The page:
Fang and Hong (2004) also issue the opinion about the abnormal fees that high fees paid to auditors may be caused by the real improvement in companies; therefore, the positive increase in audit opinion may also cause the increase in audit fees. Authors examine the relation between abnormal audit fees and audit quality by comparing the audit opinion in present year with the prior year, and find out the association between the abnormal fees and the changes of opinions. The database in this research is comprised by Chinese listed companies during the period from 2000-2002. Through the testing in regression model, authors find that the result is consistent with the positive relation between abnormal audit fees and improvement in audit opinion, which provides evidence that client companies succeed in opinion shopping through overpaying to auditors.

2.2 The relation between the size of audit firms and audit quality

But one point worth researcher to notice is the higher payment of audit fees does not mean the tendency of opinion shopping necessarily. Some evidences from other area can proof that the purpose of opinion shopping is not the only reason of high audit fees.
Simunic (1980) issues his opinion in the research of audit pricing that the competition in audit market is function of fees pricing. The same as this theory, the research on the low balling behavior (DeAngelo, 1981; Kanodia and Mukferji, 1994) confirm the opinion that competitive market will produce influence on audit fees. In addition to this, the audit firm sizes, the quality of auditors also have effects on audit price. Francis (1984) analyzes the effect from audit firm size on audit fees. Author researches for the evidences by comparing the differences of audit fees of Big-8 (Big-4 now) firms and of non-Big-8 firms over the period from 1974-1978 in Australian market. The research provides the evidence that there is larger size audit firms will result in higher audit fees, at the same time, study demonstrates that higher audit fee is consistent with higher audit quality. The similar research is done recently by Choi, Kim, Liu and Simunic (2008) through using a large sample from 15 countries and a cross-country regression. Beside this, study links the research to audit characteristic and legal environment. After analyzing the difference between the fees in Big-4 firms and non-Big-4 firms, authors achieve the conclusion that the relation between firm size and the level of audit fees is existed. According to the interview finished among auditors (Chan, Ezzamel and Gwilliam, 1993), the BIG 6 and NON-BIG6 (BIG4 now) auditors confirm that the BIG6 premium might exist if comparing with very small audit firms, but no medium size firms. The interview here reflects a phenomenon that the difference in audit fees between BIG4 and NON-BIG4 audit firms are not so obvious.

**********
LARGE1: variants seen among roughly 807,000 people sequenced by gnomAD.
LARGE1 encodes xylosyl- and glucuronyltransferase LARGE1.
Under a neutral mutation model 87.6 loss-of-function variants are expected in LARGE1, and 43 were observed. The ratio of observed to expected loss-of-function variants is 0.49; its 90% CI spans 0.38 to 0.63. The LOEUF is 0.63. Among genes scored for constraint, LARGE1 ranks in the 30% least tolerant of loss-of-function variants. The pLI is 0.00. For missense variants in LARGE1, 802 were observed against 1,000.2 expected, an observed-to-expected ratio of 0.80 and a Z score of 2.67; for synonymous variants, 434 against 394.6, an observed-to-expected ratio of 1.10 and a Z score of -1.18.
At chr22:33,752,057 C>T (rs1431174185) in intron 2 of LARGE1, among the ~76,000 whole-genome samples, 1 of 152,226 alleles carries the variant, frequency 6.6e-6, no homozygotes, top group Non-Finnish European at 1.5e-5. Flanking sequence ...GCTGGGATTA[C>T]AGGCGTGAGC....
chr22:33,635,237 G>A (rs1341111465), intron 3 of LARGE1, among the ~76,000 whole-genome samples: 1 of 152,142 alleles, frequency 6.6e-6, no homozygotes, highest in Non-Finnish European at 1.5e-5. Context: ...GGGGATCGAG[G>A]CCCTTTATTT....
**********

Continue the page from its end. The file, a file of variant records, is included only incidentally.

2.3 The payment of non-audit services fees on opinion shopping

The provision of non-audit services by audit firms to client firms is another controversial topic in opinion shopping. Policy makers argue that the provision of audit and non-audit services to same clients is possible to reduce the level of auditors’ independence (Houghton and Ikin, 2001). At the same time, auditors protect themselves by arguing that supplying non-audit services does not impair their independence, because these works are often be done by different partners and staff. For a long time, researchers have never stopped investigating in the area.